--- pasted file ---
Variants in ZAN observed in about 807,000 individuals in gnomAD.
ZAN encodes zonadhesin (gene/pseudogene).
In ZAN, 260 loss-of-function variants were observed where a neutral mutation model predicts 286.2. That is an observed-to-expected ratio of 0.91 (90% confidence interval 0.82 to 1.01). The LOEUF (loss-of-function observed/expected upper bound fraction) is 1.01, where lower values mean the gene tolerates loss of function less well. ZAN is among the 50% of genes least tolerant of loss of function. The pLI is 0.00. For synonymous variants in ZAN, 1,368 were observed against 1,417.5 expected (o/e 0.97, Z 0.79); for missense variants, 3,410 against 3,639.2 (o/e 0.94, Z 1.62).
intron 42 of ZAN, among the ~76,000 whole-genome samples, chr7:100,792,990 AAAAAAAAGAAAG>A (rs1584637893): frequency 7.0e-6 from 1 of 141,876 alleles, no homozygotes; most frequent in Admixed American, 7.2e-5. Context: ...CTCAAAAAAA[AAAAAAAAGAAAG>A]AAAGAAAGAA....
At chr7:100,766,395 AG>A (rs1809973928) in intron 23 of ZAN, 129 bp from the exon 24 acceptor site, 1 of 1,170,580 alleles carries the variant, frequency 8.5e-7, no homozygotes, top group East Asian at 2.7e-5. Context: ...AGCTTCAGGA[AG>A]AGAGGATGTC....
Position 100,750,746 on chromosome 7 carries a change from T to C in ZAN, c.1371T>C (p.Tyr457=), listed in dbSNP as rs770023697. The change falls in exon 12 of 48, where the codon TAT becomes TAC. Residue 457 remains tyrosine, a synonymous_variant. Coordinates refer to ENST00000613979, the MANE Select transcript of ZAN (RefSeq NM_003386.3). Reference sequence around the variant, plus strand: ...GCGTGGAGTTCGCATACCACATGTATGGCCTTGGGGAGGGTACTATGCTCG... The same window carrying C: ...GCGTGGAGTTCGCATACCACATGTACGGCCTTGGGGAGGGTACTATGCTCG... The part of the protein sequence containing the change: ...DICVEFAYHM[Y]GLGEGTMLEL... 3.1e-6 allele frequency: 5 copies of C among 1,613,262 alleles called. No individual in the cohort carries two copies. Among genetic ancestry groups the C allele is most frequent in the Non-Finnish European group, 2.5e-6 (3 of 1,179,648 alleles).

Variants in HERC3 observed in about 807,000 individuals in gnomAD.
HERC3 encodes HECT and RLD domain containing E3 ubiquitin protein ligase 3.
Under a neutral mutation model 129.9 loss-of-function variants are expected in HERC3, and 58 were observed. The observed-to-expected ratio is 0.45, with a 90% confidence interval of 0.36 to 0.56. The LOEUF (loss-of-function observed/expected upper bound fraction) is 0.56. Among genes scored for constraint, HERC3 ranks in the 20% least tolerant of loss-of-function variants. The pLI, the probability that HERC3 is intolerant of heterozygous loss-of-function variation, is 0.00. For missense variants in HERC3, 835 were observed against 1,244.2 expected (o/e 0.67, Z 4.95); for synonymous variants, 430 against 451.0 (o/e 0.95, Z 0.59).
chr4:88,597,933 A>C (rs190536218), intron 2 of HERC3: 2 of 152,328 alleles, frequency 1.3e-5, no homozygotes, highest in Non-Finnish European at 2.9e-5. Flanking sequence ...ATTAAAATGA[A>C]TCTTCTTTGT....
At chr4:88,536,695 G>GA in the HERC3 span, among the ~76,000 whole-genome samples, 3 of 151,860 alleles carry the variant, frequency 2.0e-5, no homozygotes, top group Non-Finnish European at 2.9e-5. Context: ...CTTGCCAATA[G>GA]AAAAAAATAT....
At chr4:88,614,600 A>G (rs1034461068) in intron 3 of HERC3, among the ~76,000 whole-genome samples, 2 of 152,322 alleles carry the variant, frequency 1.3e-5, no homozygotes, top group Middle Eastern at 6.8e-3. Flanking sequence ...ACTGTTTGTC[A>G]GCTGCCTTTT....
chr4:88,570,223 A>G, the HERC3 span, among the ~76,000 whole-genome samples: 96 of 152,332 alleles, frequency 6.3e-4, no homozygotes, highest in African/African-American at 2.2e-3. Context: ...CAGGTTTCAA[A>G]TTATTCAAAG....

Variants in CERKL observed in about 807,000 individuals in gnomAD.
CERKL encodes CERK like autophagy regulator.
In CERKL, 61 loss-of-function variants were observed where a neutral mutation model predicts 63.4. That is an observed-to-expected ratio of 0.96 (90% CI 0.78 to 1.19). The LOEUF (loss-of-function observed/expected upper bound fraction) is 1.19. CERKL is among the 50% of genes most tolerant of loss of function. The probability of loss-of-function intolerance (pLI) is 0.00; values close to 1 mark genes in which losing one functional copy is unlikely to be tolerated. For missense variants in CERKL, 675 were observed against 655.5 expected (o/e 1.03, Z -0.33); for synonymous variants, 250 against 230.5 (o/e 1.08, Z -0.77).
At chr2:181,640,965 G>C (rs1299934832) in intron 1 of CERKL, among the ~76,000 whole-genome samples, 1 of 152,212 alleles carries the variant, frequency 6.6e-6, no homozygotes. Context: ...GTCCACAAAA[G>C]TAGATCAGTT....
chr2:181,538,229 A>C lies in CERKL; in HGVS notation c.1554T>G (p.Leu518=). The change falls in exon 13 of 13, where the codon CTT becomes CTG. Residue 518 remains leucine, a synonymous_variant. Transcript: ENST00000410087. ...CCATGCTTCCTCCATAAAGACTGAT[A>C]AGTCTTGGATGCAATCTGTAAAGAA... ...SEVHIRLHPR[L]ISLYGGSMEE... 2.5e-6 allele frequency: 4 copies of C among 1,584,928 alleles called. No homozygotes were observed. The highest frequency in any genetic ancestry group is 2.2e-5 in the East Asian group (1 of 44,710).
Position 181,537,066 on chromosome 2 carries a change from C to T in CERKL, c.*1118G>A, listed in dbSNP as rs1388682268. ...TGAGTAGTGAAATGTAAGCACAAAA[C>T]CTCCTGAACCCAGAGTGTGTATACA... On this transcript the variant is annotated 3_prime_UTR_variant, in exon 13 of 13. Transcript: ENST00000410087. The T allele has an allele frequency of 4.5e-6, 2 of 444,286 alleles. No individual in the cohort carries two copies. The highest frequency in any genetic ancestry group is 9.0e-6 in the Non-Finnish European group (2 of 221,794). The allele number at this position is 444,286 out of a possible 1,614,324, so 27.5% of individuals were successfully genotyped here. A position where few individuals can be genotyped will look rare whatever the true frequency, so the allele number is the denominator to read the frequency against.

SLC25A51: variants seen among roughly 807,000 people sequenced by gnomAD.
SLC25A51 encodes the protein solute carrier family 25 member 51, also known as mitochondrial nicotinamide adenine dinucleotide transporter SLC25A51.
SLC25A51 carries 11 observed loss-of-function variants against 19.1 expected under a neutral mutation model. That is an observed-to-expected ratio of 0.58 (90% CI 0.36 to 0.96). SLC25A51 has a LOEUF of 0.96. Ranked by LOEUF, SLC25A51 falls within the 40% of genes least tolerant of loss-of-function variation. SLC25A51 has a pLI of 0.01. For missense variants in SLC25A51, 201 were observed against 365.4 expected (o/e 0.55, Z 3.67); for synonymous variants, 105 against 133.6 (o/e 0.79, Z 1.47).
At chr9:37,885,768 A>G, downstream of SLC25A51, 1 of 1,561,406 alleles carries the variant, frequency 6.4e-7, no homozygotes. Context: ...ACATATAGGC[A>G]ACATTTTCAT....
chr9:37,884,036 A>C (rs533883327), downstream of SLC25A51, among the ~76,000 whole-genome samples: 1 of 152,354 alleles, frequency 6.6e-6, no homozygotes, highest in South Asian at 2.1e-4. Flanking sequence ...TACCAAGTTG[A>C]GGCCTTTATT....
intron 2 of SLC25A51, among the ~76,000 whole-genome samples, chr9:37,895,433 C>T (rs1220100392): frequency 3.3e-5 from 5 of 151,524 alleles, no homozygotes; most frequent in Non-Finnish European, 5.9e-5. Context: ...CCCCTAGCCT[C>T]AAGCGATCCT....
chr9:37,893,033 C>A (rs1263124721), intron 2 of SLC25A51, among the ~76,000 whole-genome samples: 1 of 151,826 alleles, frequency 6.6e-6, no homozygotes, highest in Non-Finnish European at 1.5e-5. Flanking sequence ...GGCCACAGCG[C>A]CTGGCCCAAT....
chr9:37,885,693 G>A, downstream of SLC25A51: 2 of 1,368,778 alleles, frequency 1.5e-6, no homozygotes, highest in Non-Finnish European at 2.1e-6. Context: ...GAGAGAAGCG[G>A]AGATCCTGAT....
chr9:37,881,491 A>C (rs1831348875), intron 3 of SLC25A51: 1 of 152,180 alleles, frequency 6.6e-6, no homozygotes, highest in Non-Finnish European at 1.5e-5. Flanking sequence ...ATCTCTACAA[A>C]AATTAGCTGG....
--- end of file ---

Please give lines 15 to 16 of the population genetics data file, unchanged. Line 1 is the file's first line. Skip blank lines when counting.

CERKL encodes CERK like autophagy regulator.
In CERKL, 61 loss-of-function variants were observed where a neutral mutation model predicts 63.4. That is an observed-to-expected ratio of 0.96 (90% CI 0.78 to 1.19). The LOEUF (loss-of-function observed/expected upper bound fraction) is 1.19. CERKL is among the 50% of genes most tolerant of loss of function. The probability of loss-of-function intolerance (pLI) is 0.00; values close to 1 mark genes in which losing one functional copy is unlikely to be tolerated. For missense variants in CERKL, 675 were observed against 655.5 expected (o/e 1.03, Z -0.33); for synonymous variants, 250 against 230.5 (o/e 1.08, Z -0.77).